The Hidden Dangers of Historical Simulation

62 Pages Posted: 2 Oct 2001

See all articles by Matt Pritsker

Matt Pritsker

Federal Reserve Bank of Boston

Date Written: July 2001


Many large financial institutions compute the Value-at-Risk (VaR) of their trading portfolios using historical simulation based methods, but the methods' properties are not well understood. This paper theoretically and empirically examines the historical simulation method, a variant of historical simulation introduced by Boudoukh, Richardson and Whitelaw (1998) (BRW), and the Filtered Historical Simulation method (FHS) of Barone-Adesi, Giannopoulos, and Vosper (1999). The Historical Simulation and BRW methods are both under-responsive to changes in conditional risk; and respond to changes in risk in an asymmetric fashion: measured risk increases when the portfolio experiences large losses, but not when it earns large gains. The FHS method appears promising, but requires additional refinement to account for time-varying correlations; and to choose the appropriate length of historical sample period. Preliminary analysis suggests that 2 years of daily data may not contain enough extreme outliers to accurately compute 1% VaR at a 10-day horizon using the FHS method.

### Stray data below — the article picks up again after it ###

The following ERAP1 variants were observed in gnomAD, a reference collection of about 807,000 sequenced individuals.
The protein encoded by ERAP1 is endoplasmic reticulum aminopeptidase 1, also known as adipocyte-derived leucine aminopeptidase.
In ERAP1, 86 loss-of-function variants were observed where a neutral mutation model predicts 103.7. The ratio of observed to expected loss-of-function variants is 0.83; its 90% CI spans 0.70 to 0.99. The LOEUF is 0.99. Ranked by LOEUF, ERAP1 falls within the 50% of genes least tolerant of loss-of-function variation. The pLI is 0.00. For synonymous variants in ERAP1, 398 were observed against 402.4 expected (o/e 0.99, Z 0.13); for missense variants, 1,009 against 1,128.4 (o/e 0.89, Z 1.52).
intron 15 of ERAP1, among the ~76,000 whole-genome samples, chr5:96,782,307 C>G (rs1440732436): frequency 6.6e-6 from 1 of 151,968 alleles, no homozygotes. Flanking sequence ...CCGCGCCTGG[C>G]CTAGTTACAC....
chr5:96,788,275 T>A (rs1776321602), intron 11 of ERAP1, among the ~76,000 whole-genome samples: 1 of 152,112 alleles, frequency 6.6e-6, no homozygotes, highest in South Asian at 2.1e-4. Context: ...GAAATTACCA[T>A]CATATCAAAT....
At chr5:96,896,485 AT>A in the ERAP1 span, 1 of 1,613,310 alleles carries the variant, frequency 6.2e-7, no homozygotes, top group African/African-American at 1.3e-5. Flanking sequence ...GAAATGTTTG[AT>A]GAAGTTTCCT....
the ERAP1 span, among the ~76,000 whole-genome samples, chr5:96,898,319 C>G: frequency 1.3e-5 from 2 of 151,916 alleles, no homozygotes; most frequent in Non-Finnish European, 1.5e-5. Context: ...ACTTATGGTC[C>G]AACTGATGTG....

Keywords: Risk measurement, value at risk, GARCH

JEL Classification: G10, G18, G20, G28

Suggested Citation

Pritsker, Matthew G., The Hidden Dangers of Historical Simulation (July 2001). FEDS Discussion Paper No. 2001-27, Available at SSRN: or

Matthew G. Pritsker (Contact Author)

Federal Reserve Bank of Boston ( email )

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